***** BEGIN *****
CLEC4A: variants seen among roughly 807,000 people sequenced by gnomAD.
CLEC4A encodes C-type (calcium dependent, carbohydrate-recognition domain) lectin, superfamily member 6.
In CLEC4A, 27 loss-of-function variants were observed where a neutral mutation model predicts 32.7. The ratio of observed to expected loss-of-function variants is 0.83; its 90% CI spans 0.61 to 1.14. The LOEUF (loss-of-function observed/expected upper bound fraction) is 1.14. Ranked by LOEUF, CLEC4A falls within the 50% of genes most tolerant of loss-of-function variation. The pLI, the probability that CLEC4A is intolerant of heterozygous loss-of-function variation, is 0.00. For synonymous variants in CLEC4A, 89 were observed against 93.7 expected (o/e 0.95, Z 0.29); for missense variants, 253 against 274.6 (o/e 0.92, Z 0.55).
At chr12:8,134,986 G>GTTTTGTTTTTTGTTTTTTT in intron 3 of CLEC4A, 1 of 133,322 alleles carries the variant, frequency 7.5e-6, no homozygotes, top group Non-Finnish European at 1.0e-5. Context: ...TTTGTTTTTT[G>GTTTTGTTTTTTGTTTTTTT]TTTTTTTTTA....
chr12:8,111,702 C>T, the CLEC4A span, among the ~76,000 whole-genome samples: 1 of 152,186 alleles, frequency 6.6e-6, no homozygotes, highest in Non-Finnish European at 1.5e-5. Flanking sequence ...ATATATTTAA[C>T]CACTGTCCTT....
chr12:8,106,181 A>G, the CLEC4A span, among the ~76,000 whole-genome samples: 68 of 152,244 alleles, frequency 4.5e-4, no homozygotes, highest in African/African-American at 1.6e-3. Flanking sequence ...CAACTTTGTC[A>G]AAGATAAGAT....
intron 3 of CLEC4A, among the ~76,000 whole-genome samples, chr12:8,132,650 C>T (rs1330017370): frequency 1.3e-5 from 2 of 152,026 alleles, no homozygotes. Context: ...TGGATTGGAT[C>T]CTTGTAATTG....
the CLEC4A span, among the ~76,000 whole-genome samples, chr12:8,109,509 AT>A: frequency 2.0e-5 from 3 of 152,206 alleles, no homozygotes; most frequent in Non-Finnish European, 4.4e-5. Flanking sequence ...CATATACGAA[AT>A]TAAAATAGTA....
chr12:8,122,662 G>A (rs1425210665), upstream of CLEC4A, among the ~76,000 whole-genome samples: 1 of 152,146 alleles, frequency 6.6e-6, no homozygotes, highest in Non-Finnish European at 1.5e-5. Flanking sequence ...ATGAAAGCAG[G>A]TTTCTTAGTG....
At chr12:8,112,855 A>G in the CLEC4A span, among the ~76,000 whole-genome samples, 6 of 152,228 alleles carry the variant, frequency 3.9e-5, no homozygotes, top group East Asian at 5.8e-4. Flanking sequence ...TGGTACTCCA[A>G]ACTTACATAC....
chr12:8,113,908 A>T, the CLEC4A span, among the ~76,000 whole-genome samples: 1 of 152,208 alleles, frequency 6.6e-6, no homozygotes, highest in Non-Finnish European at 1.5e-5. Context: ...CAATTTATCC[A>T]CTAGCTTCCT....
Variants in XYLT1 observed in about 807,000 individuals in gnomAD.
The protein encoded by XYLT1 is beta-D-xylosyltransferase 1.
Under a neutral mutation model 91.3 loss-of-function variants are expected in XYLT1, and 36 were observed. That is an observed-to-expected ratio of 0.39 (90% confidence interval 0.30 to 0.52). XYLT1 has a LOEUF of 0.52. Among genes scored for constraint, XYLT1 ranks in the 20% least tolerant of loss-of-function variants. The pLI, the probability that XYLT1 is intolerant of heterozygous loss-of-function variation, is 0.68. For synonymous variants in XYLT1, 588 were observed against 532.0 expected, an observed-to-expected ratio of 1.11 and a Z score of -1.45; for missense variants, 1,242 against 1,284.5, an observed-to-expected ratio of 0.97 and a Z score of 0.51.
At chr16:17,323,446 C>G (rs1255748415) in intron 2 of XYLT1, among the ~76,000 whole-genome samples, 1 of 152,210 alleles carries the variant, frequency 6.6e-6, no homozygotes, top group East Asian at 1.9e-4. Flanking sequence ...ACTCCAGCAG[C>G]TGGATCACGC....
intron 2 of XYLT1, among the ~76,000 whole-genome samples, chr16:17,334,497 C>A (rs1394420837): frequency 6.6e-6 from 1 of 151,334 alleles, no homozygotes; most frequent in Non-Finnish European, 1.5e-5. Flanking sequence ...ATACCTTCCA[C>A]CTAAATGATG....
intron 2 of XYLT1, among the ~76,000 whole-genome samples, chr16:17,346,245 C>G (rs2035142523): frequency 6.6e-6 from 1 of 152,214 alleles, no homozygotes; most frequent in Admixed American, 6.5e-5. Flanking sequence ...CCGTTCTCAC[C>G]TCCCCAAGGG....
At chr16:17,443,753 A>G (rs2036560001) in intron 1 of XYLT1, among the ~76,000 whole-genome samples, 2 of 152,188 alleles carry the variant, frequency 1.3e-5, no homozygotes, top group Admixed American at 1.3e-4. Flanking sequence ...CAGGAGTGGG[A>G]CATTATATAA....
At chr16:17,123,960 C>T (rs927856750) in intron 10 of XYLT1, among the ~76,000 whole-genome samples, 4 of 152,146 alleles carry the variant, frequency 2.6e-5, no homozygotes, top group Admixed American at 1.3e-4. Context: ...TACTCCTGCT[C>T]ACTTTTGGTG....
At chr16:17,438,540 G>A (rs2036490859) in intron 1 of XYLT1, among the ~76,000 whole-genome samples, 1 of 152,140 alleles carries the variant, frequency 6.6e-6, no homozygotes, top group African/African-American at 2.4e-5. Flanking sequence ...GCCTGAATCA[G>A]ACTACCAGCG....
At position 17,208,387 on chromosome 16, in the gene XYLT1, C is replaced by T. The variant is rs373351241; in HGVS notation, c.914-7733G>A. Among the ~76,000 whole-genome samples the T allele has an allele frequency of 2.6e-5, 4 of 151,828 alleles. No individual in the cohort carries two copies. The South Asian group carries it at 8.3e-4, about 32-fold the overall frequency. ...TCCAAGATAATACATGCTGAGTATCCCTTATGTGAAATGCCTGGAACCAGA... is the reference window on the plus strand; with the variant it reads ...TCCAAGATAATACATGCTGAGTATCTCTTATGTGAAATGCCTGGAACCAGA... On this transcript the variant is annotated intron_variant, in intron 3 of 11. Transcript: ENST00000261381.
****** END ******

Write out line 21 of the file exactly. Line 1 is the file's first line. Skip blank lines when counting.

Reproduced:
At position 17,208,387 on chromosome 16, in the gene XYLT1, C is replaced by T. The variant is rs373351241; in HGVS notation, c.914-7733G>A. Among the ~76,000 whole-genome samples the T allele has an allele frequency of 2.6e-5, 4 of 151,828 alleles. No individual in the cohort carries two copies. The South Asian group carries it at 8.3e-4, about 32-fold the overall frequency. ...TCCAAGATAATACATGCTGAGTATCCCTTATGTGAAATGCCTGGAACCAGA... is the reference window on the plus strand; with the variant it reads ...TCCAAGATAATACATGCTGAGTATCTCTTATGTGAAATGCCTGGAACCAGA... On this transcript the variant is annotated intron_variant, in intron 3 of 11. Transcript: ENST00000261381.